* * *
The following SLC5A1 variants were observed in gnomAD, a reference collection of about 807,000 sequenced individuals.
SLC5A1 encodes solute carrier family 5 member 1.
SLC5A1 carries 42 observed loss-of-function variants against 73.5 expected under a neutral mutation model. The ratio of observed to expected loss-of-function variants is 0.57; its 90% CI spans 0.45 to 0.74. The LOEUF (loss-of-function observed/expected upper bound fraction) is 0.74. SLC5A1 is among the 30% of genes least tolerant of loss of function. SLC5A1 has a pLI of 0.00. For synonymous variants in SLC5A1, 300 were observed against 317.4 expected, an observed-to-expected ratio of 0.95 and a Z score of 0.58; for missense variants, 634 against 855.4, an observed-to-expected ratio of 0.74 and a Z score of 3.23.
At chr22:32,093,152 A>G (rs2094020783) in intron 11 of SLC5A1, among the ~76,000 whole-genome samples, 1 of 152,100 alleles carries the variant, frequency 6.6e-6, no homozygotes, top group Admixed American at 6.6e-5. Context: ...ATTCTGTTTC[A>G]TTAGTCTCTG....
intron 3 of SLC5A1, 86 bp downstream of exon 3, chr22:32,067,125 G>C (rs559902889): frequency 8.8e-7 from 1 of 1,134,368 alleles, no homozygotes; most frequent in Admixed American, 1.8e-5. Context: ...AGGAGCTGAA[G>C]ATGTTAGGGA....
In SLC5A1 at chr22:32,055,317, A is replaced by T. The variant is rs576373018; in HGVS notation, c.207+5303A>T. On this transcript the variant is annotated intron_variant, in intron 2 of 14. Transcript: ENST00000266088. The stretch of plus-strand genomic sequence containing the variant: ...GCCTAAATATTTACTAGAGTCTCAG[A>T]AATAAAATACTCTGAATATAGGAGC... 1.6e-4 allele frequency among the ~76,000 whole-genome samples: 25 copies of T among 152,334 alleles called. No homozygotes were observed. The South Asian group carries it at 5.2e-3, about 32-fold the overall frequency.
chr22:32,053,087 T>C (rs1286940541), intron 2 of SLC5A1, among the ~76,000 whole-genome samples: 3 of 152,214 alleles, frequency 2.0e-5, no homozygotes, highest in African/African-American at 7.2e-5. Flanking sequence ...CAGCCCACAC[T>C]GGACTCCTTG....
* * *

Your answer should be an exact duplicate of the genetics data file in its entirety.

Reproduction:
The following SLC5A1 variants were observed in gnomAD, a reference collection of about 807,000 sequenced individuals.
SLC5A1 encodes solute carrier family 5 member 1.
SLC5A1 carries 42 observed loss-of-function variants against 73.5 expected under a neutral mutation model. The ratio of observed to expected loss-of-function variants is 0.57; its 90% CI spans 0.45 to 0.74. The LOEUF (loss-of-function observed/expected upper bound fraction) is 0.74. SLC5A1 is among the 30% of genes least tolerant of loss of function. SLC5A1 has a pLI of 0.00. For synonymous variants in SLC5A1, 300 were observed against 317.4 expected, an observed-to-expected ratio of 0.95 and a Z score of 0.58; for missense variants, 634 against 855.4, an observed-to-expected ratio of 0.74 and a Z score of 3.23.
At chr22:32,093,152 A>G (rs2094020783) in intron 11 of SLC5A1, among the ~76,000 whole-genome samples, 1 of 152,100 alleles carries the variant, frequency 6.6e-6, no homozygotes, top group Admixed American at 6.6e-5. Context: ...ATTCTGTTTC[A>G]TTAGTCTCTG....
intron 3 of SLC5A1, 86 bp downstream of exon 3, chr22:32,067,125 G>C (rs559902889): frequency 8.8e-7 from 1 of 1,134,368 alleles, no homozygotes; most frequent in Admixed American, 1.8e-5. Context: ...AGGAGCTGAA[G>C]ATGTTAGGGA....
In SLC5A1 at chr22:32,055,317, A is replaced by T. The variant is rs576373018; in HGVS notation, c.207+5303A>T. On this transcript the variant is annotated intron_variant, in intron 2 of 14. Transcript: ENST00000266088. The stretch of plus-strand genomic sequence containing the variant: ...GCCTAAATATTTACTAGAGTCTCAG[A>T]AATAAAATACTCTGAATATAGGAGC... 1.6e-4 allele frequency among the ~76,000 whole-genome samples: 25 copies of T among 152,334 alleles called. No homozygotes were observed. The South Asian group carries it at 5.2e-3, about 32-fold the overall frequency.
chr22:32,053,087 T>C (rs1286940541), intron 2 of SLC5A1, among the ~76,000 whole-genome samples: 3 of 152,214 alleles, frequency 2.0e-5, no homozygotes, highest in African/African-American at 7.2e-5. Flanking sequence ...CAGCCCACAC[T>C]GGACTCCTTG....